Director John R Leonetti's previous hit was ANNABELLE, and he was the cinematographer on THE CONJURING and the first two INSIDIOUS movies amongst others, so he clearly knows his way around a horror film. But weirdly, unlike the best of the Blumhouse films, WISH UPON is never actually scary: it's a mixture of the WISHMASTER films, in which far-reaching powers are bestowed upon someone incredibly shallow and hard to empathise with (she uses up all but one of her wishes on herself and her high school lifestyle) and the FINAL DESTINATION series, with horrible and increasingly elaborate death scenes as their consequences. It's as if Leonetti is more interested in staging the death scenes than the character and narrative stuff, and even then the film shortchanges with relatively tame PG-13 payoffs. Still, as a mainstream multiplex horror that's not going to upset anyone, it's well mounted, solidly put together with some effective suspense sequences crosscutting in the second half of the film between two potential death scenes.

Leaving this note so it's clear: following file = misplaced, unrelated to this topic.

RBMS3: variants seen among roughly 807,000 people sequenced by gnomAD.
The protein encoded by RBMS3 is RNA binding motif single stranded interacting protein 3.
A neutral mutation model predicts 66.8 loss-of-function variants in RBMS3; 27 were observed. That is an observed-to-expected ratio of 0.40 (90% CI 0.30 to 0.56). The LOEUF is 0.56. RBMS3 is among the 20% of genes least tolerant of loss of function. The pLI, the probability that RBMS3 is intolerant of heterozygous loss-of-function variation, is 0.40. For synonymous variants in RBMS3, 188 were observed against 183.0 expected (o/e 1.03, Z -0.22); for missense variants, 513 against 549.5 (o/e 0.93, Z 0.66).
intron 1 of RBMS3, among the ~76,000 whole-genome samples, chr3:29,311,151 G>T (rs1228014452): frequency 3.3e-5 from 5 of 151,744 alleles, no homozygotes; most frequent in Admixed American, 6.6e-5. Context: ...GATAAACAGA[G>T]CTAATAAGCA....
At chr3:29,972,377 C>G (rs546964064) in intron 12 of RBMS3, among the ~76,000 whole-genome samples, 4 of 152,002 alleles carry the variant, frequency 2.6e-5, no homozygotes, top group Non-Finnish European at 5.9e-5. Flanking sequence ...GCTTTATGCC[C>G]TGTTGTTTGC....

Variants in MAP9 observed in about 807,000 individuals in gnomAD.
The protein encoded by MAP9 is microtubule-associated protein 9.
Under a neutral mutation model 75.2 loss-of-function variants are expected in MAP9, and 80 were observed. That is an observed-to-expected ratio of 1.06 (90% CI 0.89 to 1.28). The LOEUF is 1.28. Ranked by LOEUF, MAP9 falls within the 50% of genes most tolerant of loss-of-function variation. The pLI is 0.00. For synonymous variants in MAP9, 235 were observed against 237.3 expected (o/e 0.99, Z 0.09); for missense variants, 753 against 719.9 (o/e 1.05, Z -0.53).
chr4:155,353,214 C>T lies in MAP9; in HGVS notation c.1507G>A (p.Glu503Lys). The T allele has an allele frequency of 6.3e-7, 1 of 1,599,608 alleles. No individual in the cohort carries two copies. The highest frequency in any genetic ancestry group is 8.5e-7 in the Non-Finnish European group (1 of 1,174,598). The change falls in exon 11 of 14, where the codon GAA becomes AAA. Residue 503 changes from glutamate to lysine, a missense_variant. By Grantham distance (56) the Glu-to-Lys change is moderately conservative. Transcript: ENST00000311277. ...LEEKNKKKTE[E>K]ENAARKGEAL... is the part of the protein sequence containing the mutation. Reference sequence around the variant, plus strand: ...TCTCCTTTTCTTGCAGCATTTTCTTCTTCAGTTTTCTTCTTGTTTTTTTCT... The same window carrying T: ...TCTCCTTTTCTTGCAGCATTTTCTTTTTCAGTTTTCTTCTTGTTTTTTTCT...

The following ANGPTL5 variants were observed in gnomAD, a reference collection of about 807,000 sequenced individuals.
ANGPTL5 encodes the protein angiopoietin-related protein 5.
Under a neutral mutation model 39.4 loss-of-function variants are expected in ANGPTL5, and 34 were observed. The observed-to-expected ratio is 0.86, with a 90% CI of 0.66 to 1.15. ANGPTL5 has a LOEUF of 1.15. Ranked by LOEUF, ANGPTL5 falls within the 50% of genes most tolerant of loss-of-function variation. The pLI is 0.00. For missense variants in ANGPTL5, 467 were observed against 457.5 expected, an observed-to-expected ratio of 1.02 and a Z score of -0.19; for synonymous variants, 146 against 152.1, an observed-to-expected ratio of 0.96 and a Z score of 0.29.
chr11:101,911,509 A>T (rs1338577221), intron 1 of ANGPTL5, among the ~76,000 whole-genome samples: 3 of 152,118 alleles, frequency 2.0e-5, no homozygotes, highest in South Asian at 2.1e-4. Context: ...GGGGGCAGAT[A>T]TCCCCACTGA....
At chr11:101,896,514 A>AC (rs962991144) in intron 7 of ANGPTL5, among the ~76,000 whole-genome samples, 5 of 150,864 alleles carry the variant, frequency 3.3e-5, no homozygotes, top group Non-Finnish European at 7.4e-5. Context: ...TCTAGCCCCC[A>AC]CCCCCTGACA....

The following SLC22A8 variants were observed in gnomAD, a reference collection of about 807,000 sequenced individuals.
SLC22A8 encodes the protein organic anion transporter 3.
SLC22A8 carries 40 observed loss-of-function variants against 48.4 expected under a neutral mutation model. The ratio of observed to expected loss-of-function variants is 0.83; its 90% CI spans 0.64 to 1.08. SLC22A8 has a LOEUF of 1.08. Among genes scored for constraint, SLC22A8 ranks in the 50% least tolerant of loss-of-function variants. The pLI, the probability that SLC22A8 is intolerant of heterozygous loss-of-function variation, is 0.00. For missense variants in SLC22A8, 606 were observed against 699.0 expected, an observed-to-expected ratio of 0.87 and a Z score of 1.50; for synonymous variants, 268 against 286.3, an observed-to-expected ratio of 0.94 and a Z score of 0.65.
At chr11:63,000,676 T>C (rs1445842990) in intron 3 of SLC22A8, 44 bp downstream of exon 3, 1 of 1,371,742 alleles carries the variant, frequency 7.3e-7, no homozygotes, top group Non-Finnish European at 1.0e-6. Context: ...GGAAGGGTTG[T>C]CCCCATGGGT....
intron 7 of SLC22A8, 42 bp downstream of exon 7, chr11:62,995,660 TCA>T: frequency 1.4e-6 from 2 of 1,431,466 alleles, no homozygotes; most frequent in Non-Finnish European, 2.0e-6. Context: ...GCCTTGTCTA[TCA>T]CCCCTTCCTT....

It's innocuous and bland, but that is the market it's playing to and it works well enough on that shiny disposable soft horror level. Hardcore gorehounds and MARTYRS fans probably won't get much out of it, and it's probably not going to start a franchise of its own (despite the inevitable post-credits stinger teasing a continuation). A horror film for people who don't usually watch horror films.

Richard Street.



This web site is owned and published by London FrightFest Limited.
 © London FrightFest Ltd. 2000-2017